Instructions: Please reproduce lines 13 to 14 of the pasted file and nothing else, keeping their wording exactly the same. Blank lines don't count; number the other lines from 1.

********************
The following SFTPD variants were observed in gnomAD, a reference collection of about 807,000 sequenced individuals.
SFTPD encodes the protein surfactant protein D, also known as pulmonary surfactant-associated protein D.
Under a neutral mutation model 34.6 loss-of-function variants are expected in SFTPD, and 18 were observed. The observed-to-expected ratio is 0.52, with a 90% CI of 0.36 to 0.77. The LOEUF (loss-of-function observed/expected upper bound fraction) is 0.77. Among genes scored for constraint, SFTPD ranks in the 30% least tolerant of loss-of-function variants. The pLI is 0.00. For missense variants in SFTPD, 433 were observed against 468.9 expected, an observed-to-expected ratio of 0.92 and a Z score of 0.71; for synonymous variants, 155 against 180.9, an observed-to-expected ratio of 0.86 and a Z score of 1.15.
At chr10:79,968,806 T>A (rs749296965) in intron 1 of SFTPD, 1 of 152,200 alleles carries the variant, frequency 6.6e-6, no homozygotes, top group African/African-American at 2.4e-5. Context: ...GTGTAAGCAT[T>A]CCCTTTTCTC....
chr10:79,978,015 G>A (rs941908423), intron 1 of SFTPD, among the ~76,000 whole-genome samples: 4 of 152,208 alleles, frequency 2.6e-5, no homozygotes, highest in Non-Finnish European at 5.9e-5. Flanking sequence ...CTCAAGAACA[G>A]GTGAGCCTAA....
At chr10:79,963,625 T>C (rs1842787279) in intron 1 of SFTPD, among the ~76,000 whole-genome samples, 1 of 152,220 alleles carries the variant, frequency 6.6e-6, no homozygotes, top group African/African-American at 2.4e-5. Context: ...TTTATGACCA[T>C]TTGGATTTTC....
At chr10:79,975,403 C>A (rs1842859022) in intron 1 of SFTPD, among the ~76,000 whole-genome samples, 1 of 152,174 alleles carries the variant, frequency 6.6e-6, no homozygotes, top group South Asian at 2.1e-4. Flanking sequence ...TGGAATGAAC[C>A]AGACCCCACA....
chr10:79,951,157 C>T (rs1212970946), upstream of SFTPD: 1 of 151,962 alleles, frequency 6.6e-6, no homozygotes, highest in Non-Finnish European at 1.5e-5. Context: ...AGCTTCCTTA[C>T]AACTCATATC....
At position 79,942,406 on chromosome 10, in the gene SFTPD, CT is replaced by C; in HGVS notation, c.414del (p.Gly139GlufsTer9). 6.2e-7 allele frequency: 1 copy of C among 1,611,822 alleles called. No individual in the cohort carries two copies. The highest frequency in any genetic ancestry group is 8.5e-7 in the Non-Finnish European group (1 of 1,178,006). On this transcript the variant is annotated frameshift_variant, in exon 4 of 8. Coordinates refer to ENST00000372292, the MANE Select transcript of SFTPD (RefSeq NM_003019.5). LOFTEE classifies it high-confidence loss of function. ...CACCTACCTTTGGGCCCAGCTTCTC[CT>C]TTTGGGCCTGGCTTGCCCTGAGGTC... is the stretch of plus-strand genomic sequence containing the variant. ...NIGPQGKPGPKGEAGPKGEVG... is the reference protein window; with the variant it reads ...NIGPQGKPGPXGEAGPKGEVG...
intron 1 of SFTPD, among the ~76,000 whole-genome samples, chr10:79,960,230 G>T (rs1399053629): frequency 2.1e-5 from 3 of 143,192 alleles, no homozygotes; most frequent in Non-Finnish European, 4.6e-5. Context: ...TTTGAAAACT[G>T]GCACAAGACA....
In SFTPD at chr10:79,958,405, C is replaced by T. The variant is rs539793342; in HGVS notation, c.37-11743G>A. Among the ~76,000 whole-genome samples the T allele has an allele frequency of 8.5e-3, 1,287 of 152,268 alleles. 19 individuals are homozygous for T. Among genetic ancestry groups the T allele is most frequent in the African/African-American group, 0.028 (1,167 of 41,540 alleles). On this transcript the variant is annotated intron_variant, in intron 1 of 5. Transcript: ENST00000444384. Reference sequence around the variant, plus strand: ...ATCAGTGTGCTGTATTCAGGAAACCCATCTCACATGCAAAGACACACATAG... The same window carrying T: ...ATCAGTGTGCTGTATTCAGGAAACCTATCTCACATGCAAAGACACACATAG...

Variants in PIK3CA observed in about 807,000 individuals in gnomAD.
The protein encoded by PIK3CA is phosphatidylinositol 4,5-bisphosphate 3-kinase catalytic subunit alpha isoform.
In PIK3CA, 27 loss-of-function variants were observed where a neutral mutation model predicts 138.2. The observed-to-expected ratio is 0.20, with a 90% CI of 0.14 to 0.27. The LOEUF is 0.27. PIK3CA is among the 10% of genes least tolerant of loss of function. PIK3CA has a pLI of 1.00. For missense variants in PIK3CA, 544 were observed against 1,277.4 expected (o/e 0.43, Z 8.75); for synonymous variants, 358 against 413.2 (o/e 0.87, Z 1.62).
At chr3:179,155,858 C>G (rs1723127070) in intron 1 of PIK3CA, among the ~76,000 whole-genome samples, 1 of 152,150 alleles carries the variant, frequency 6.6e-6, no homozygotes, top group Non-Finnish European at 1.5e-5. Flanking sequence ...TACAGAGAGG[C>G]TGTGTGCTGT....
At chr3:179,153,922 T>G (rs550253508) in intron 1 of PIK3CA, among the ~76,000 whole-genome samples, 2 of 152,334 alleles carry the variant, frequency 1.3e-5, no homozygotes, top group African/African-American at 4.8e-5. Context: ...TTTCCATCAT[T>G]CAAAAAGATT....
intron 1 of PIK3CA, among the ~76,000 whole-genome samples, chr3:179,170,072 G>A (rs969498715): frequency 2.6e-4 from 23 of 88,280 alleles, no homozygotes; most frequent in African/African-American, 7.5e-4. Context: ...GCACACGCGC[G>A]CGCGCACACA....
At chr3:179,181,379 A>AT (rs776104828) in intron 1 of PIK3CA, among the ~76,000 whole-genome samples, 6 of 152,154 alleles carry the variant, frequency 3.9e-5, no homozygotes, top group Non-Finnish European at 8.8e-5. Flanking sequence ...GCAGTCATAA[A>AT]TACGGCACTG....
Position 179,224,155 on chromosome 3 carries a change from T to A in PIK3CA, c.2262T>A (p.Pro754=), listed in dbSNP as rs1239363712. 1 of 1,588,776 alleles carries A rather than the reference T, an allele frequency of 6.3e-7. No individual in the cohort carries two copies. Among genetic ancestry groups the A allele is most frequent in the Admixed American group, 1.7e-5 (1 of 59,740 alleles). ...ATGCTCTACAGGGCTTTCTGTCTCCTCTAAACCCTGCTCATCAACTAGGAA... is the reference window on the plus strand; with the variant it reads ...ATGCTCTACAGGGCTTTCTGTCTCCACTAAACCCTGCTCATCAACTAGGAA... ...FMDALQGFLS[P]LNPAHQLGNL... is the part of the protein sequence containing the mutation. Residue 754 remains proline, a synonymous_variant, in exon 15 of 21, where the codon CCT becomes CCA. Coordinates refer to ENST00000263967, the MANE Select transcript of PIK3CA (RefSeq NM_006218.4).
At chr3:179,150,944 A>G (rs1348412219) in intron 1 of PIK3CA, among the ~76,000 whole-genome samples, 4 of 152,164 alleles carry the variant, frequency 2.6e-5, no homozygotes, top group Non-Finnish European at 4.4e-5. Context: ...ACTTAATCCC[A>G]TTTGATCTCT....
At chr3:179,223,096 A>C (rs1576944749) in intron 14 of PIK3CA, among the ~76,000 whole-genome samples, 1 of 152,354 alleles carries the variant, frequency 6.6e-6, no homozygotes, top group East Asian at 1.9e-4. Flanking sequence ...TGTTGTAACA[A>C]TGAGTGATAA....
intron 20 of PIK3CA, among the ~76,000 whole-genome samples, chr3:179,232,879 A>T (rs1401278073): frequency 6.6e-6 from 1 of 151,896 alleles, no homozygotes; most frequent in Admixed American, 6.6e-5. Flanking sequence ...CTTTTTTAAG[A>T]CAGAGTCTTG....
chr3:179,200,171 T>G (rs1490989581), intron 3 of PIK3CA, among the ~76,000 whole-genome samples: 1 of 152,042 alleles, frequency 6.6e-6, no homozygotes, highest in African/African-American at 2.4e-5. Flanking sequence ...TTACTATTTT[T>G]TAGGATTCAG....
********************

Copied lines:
The protein encoded by PIK3CA is phosphatidylinositol 4,5-bisphosphate 3-kinase catalytic subunit alpha isoform.
In PIK3CA, 27 loss-of-function variants were observed where a neutral mutation model predicts 138.2. The observed-to-expected ratio is 0.20, with a 90% CI of 0.14 to 0.27. The LOEUF is 0.27. PIK3CA is among the 10% of genes least tolerant of loss of function. PIK3CA has a pLI of 1.00. For missense variants in PIK3CA, 544 were observed against 1,277.4 expected (o/e 0.43, Z 8.75); for synonymous variants, 358 against 413.2 (o/e 0.87, Z 1.62).